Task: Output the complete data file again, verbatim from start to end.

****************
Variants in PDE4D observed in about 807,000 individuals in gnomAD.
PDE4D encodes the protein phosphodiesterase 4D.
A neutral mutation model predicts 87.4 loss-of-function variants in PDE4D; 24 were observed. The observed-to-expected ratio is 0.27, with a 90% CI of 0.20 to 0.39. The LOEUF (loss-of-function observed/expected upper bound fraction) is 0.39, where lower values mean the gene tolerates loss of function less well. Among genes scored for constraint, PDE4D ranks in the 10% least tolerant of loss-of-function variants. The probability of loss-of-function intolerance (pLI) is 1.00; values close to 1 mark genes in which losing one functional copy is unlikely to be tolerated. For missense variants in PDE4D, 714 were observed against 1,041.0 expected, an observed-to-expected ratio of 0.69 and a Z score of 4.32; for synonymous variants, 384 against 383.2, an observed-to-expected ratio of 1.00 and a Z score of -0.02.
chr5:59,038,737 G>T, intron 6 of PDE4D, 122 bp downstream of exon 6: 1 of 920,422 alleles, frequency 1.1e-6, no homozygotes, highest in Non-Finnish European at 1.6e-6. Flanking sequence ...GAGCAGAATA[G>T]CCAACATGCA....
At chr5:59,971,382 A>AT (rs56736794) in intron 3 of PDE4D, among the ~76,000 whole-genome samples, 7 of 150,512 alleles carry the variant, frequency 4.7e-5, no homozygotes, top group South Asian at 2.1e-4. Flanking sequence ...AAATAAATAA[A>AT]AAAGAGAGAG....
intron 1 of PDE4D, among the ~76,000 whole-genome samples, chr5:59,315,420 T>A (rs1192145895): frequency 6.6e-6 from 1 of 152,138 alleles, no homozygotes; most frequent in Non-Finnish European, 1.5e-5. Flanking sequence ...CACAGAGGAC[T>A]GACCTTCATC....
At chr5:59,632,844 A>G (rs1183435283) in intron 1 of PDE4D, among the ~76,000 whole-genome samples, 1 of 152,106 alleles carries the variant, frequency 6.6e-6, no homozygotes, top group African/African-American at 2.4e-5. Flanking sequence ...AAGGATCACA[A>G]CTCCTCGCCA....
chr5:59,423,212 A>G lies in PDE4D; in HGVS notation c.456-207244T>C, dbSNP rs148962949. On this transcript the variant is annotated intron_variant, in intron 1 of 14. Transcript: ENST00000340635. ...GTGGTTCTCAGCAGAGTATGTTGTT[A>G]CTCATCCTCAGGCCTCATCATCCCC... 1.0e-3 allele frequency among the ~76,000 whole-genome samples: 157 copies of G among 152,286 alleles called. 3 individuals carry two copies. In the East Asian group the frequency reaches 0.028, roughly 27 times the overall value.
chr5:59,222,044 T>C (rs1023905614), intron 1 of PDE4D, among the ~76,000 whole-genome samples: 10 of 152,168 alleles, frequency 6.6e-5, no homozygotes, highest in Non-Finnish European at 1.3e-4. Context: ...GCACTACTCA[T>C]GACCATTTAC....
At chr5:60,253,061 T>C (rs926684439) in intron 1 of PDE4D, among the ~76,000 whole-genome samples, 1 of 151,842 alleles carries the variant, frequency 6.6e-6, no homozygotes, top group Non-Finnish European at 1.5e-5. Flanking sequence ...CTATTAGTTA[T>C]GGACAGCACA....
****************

Variants in PDE4D observed in about 807,000 individuals in gnomAD.
PDE4D encodes the protein phosphodiesterase 4D.
A neutral mutation model predicts 87.4 loss-of-function variants in PDE4D; 24 were observed. The observed-to-expected ratio is 0.27, with a 90% CI of 0.20 to 0.39. The LOEUF (loss-of-function observed/expected upper bound fraction) is 0.39, where lower values mean the gene tolerates loss of function less well. Among genes scored for constraint, PDE4D ranks in the 10% least tolerant of loss-of-function variants. The probability of loss-of-function intolerance (pLI) is 1.00; values close to 1 mark genes in which losing one functional copy is unlikely to be tolerated. For missense variants in PDE4D, 714 were observed against 1,041.0 expected, an observed-to-expected ratio of 0.69 and a Z score of 4.32; for synonymous variants, 384 against 383.2, an observed-to-expected ratio of 1.00 and a Z score of -0.02.
chr5:59,038,737 G>T, intron 6 of PDE4D, 122 bp downstream of exon 6: 1 of 920,422 alleles, frequency 1.1e-6, no homozygotes, highest in Non-Finnish European at 1.6e-6. Flanking sequence ...GAGCAGAATA[G>T]CCAACATGCA....
At chr5:59,971,382 A>AT (rs56736794) in intron 3 of PDE4D, among the ~76,000 whole-genome samples, 7 of 150,512 alleles carry the variant, frequency 4.7e-5, no homozygotes, top group South Asian at 2.1e-4. Flanking sequence ...AAATAAATAA[A>AT]AAAGAGAGAG....
intron 1 of PDE4D, among the ~76,000 whole-genome samples, chr5:59,315,420 T>A (rs1192145895): frequency 6.6e-6 from 1 of 152,138 alleles, no homozygotes; most frequent in Non-Finnish European, 1.5e-5. Flanking sequence ...CACAGAGGAC[T>A]GACCTTCATC....
At chr5:59,632,844 A>G (rs1183435283) in intron 1 of PDE4D, among the ~76,000 whole-genome samples, 1 of 152,106 alleles carries the variant, frequency 6.6e-6, no homozygotes, top group African/African-American at 2.4e-5. Flanking sequence ...AAGGATCACA[A>G]CTCCTCGCCA....
chr5:59,423,212 A>G lies in PDE4D; in HGVS notation c.456-207244T>C, dbSNP rs148962949. On this transcript the variant is annotated intron_variant, in intron 1 of 14. Transcript: ENST00000340635. ...GTGGTTCTCAGCAGAGTATGTTGTT[A>G]CTCATCCTCAGGCCTCATCATCCCC... 1.0e-3 allele frequency among the ~76,000 whole-genome samples: 157 copies of G among 152,286 alleles called. 3 individuals carry two copies. In the East Asian group the frequency reaches 0.028, roughly 27 times the overall value.
chr5:59,222,044 T>C (rs1023905614), intron 1 of PDE4D, among the ~76,000 whole-genome samples: 10 of 152,168 alleles, frequency 6.6e-5, no homozygotes, highest in Non-Finnish European at 1.3e-4. Context: ...GCACTACTCA[T>C]GACCATTTAC....
At chr5:60,253,061 T>C (rs926684439) in intron 1 of PDE4D, among the ~76,000 whole-genome samples, 1 of 151,842 alleles carries the variant, frequency 6.6e-6, no homozygotes, top group Non-Finnish European at 1.5e-5. Flanking sequence ...CTATTAGTTA[T>C]GGACAGCACA....